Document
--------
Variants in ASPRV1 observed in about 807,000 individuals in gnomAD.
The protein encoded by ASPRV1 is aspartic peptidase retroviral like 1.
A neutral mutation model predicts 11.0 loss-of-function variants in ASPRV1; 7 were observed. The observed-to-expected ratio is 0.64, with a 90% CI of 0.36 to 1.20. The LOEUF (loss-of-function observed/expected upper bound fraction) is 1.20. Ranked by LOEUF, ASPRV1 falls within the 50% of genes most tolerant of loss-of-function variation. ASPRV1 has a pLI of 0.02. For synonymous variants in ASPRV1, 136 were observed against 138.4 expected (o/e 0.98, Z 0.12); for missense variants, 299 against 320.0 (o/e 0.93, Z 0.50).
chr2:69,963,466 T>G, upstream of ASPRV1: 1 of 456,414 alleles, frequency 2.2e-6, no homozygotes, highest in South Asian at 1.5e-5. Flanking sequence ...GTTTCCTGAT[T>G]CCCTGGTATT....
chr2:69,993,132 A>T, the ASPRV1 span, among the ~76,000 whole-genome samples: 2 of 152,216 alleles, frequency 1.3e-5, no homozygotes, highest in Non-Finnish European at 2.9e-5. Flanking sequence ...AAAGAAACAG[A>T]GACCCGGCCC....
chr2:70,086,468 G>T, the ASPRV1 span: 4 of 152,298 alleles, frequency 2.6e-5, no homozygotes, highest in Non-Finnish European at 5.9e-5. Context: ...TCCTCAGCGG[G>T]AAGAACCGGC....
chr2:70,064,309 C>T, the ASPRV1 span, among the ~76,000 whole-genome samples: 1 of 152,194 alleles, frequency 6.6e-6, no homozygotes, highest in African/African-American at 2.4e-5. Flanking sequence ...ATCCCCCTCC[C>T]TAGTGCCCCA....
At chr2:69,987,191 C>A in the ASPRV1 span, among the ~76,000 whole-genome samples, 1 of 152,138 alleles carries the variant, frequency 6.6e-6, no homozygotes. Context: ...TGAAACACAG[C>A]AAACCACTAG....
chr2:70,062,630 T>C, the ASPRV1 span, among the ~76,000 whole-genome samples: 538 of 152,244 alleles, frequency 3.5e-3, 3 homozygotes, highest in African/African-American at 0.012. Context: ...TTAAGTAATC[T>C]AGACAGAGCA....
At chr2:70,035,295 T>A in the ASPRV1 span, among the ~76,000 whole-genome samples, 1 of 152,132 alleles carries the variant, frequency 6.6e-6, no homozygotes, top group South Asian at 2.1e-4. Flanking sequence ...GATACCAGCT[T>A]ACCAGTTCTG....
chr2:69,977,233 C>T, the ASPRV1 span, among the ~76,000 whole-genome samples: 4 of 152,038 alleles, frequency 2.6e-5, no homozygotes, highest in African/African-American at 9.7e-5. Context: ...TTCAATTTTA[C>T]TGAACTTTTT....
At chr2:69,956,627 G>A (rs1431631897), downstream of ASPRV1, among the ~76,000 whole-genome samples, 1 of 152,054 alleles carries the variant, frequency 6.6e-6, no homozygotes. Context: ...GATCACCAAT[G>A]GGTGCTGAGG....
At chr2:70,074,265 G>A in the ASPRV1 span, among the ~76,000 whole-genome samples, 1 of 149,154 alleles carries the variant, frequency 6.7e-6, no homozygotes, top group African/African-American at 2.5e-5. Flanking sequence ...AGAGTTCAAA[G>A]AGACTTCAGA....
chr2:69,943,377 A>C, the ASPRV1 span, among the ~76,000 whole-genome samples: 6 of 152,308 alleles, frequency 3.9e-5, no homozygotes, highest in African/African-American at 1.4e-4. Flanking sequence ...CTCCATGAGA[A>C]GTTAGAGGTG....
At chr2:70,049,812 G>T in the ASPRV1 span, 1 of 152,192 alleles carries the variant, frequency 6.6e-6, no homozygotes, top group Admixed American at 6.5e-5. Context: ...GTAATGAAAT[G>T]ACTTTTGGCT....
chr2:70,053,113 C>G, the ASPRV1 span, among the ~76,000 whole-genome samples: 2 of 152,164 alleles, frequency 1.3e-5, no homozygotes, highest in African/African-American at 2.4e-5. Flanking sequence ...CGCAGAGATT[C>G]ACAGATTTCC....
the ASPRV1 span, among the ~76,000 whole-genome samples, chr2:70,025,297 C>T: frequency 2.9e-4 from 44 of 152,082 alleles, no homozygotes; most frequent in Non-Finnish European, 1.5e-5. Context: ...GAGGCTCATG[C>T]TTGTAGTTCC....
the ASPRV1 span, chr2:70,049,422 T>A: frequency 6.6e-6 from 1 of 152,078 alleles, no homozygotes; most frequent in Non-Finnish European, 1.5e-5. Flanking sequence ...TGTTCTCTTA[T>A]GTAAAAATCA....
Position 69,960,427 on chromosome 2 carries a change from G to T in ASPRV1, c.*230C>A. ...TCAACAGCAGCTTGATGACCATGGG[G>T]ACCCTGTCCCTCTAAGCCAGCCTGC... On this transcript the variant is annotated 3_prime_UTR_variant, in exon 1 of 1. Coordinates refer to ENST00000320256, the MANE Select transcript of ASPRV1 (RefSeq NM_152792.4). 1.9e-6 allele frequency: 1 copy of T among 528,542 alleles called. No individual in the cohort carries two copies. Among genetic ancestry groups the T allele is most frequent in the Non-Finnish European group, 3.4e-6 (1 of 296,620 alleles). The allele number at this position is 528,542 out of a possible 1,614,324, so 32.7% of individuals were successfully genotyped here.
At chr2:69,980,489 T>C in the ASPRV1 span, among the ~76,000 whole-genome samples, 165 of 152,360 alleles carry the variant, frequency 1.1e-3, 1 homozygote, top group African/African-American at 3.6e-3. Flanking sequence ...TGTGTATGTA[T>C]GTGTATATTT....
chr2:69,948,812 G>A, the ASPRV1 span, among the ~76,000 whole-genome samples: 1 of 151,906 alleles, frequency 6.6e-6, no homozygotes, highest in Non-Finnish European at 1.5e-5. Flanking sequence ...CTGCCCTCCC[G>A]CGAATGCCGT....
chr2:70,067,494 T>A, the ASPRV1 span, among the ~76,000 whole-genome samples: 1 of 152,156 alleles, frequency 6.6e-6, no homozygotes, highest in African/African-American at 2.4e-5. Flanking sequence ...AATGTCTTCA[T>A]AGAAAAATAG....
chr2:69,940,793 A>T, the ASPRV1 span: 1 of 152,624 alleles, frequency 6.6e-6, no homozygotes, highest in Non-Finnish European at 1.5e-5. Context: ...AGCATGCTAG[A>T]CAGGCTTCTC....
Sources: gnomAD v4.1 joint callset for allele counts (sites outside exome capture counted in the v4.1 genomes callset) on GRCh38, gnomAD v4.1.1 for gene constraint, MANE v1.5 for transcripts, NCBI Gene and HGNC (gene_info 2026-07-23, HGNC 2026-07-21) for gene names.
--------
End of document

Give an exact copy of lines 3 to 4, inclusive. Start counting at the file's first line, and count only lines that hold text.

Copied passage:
A neutral mutation model predicts 11.0 loss-of-function variants in ASPRV1; 7 were observed. The observed-to-expected ratio is 0.64, with a 90% CI of 0.36 to 1.20. The LOEUF (loss-of-function observed/expected upper bound fraction) is 1.20. Ranked by LOEUF, ASPRV1 falls within the 50% of genes most tolerant of loss-of-function variation. ASPRV1 has a pLI of 0.02. For synonymous variants in ASPRV1, 136 were observed against 138.4 expected (o/e 0.98, Z 0.12); for missense variants, 299 against 320.0 (o/e 0.93, Z 0.50).
chr2:69,963,466 T>G, upstream of ASPRV1: 1 of 456,414 alleles, frequency 2.2e-6, no homozygotes, highest in South Asian at 1.5e-5. Flanking sequence ...GTTTCCTGAT[T>G]CCCTGGTATT....